In 2016 I was asked to write a column about ITIL's life story, in honor of Happy ITIL Day 2016. I didn't have to think long about the answer. ITIL is just too important to pass. And since millions of people have read the books I wrote about ITIL, I simply couldn't refuse. But what message was interesting for the people who were involved with Happy ITIL Day? The answer, I thought, had to be found at the start of ITIL's life cycle: the last letter of the original name - GITIMM.

GITIMM

Thirty years ago, in 1986, ITIL started as an initiative of Peter Skinner and John Stewart, colleagues in CCTA's Roy Dibble team. The original name they came with was GITIMM - Government Information Technology Infrastructure Management Method. Roy Dibble changed that to ITIL - the IT Infrastructure Library. Why? One reason was simply that he thought it was not a method. Another reason was that the "G" of government would not sell so well. And finally, because "GITIMM" was a worthless acronym, again from a commercial point of view. This illustrates how commerce influenced ITIL from day one…

ABC card game

ITIL

So if it wasn't a method, what was it, Dibble asked? The answer was there within a minute: "A series of books", a library. Hence the name "Library". The content of that library was qualified as "guidance", practical rules. And so it began. For thirty years, ITIL authors and reviewers produced books on practices designed to guide IT people in their daily activities. And they did that with flying colors. ITIL has become the de facto standard for millions of IT people, and a huge market grew around it. I estimate the total turnover of ITIL-related products and services in the three decades of its existence at more than 1 trillion dollars (12 zeros). And with that we immediately have ITIL's pitfall ... Sometimes success is its own enemy.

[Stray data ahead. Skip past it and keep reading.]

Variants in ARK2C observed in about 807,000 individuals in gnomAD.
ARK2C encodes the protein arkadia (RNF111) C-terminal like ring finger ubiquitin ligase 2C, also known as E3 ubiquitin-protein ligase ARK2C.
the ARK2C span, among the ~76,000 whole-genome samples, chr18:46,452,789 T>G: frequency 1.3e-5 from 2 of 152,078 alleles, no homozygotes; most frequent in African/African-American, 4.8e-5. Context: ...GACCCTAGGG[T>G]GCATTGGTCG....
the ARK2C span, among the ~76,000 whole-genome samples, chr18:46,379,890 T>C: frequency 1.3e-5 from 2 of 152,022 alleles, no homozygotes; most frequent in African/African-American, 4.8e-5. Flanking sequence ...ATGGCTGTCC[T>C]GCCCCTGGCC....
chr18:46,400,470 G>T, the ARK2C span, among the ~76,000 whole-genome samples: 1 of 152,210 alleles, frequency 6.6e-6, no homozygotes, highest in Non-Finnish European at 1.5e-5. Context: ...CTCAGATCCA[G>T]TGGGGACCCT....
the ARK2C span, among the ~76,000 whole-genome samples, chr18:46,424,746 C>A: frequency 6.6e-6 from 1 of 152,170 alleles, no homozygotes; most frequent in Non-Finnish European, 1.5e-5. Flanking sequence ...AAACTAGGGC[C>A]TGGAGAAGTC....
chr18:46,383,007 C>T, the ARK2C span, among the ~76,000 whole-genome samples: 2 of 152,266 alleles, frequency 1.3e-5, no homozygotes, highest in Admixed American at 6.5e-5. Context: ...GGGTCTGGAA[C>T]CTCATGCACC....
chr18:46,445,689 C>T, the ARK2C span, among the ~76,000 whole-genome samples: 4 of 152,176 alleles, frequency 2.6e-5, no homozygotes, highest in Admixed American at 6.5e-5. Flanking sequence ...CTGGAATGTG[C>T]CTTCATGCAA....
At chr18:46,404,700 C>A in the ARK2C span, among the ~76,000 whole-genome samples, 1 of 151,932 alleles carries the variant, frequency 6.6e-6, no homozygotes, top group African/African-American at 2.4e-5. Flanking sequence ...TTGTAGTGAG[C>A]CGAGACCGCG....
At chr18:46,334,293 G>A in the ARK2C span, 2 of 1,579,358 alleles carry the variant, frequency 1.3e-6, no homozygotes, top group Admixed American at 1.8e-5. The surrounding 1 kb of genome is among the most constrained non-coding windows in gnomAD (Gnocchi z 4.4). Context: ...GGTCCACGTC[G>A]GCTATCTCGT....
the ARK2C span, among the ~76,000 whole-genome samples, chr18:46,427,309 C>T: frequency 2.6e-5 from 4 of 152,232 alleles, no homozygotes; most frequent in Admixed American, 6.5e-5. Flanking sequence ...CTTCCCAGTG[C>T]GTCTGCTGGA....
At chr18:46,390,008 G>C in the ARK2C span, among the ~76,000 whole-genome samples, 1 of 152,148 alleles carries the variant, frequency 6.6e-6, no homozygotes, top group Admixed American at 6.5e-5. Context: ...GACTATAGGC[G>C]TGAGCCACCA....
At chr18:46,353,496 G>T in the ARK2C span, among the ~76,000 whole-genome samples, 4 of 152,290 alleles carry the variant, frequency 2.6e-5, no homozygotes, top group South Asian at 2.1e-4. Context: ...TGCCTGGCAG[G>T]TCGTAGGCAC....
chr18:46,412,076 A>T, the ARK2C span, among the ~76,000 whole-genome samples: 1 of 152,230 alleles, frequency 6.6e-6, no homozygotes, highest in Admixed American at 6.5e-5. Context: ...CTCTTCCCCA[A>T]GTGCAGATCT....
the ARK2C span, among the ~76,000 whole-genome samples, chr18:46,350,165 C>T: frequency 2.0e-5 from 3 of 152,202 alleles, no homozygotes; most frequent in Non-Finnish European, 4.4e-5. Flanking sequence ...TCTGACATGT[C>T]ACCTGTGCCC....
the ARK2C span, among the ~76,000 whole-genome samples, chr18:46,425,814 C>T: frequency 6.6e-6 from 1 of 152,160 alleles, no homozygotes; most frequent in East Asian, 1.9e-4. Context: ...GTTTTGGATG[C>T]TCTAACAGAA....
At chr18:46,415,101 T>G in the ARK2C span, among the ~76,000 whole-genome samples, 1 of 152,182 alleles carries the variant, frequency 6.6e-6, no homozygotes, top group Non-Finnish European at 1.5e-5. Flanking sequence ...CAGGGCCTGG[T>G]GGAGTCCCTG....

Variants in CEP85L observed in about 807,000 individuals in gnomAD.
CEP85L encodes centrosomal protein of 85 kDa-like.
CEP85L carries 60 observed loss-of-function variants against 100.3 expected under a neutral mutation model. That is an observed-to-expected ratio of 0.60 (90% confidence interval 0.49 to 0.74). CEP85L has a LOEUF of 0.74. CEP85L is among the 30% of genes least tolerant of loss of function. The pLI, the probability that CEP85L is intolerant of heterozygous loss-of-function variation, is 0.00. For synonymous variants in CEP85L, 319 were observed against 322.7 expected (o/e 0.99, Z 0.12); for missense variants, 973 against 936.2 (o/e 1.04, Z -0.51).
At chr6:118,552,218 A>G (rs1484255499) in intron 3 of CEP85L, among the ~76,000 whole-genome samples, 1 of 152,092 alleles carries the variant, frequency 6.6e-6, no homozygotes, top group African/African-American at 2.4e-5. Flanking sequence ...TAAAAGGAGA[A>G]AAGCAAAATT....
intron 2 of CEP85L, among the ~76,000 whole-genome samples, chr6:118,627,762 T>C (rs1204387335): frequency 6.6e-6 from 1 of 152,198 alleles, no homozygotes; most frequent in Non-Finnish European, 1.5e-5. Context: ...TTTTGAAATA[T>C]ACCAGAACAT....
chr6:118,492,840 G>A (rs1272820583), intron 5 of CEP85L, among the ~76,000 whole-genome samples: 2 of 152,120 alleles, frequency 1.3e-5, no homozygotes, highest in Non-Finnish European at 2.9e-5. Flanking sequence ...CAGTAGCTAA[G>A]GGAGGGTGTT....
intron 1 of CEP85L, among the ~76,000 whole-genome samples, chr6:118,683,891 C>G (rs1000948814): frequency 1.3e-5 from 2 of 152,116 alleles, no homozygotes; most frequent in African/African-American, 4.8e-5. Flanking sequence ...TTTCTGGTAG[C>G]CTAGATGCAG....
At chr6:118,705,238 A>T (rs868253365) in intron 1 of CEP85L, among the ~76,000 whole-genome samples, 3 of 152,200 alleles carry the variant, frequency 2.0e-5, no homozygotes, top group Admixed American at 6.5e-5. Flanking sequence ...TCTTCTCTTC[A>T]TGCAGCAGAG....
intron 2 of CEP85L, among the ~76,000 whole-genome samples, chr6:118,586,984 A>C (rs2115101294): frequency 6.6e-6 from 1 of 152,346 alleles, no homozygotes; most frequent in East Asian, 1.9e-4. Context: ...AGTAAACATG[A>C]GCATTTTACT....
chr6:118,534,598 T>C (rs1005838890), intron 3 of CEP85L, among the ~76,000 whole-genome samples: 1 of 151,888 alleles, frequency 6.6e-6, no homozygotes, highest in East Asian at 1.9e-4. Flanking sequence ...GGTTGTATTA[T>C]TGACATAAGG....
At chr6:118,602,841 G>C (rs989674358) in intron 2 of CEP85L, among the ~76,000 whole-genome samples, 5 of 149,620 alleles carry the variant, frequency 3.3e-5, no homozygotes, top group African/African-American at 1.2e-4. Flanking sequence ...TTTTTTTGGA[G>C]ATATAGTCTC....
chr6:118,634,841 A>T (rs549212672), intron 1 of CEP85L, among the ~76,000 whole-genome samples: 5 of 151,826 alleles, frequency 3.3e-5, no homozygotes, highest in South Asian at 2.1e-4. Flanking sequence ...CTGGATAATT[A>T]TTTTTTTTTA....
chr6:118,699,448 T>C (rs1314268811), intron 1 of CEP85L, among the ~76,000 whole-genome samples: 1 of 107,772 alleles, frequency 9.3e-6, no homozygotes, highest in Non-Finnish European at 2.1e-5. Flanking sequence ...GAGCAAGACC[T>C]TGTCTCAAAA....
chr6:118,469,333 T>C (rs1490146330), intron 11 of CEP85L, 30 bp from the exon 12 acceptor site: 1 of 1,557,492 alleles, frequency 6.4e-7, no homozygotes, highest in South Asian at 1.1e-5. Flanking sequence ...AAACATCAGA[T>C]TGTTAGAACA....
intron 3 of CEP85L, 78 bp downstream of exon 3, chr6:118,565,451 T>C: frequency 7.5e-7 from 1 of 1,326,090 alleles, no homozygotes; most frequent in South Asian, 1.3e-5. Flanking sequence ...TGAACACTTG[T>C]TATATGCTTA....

The missing link

For a set of practices to be successfully applied in an organization, users must anchor it in their own service management system. And that is precisely where we see a lot of ITIL's potential ending up in the gutter - at the same time causing a waste that is in proportion to the aforementioned trillion dollars. ITIL was used by so many consultants, trainers and tool suppliers, all of whom wanted a piece of that huge pie that the original mission was often lost. ITIL was intended to improve IT services by standardizing the best practices of others and applying them on a larger scale. For exactly that reason I wrote so many books about all those ITIL versions. Unfortunately, the application of ITIL was increasingly based on the offer of a one-sided market of suppliers and consultants. The slogan "Nobody ever got fired for hiring IBM" soon changed to "Nobody ever got fired for hiring an ITIL consultant".

ITIL grew slowly in the first years. But when the Dutch market embraced ITIL in 1992 and soon developed a simple training course for all IT people, ITIL was ready for the masses. Originally called ITIL Essentials, this training course was developed for EXIN by a small group of Dutch early adapters (including undersigned), in the early 1990s. EXIN then licensed the training to the British Computer Society (BCS/ISEB), and after some time renamed the training to ITIL Foundation. ITIL then took a flight as it has not been shown before.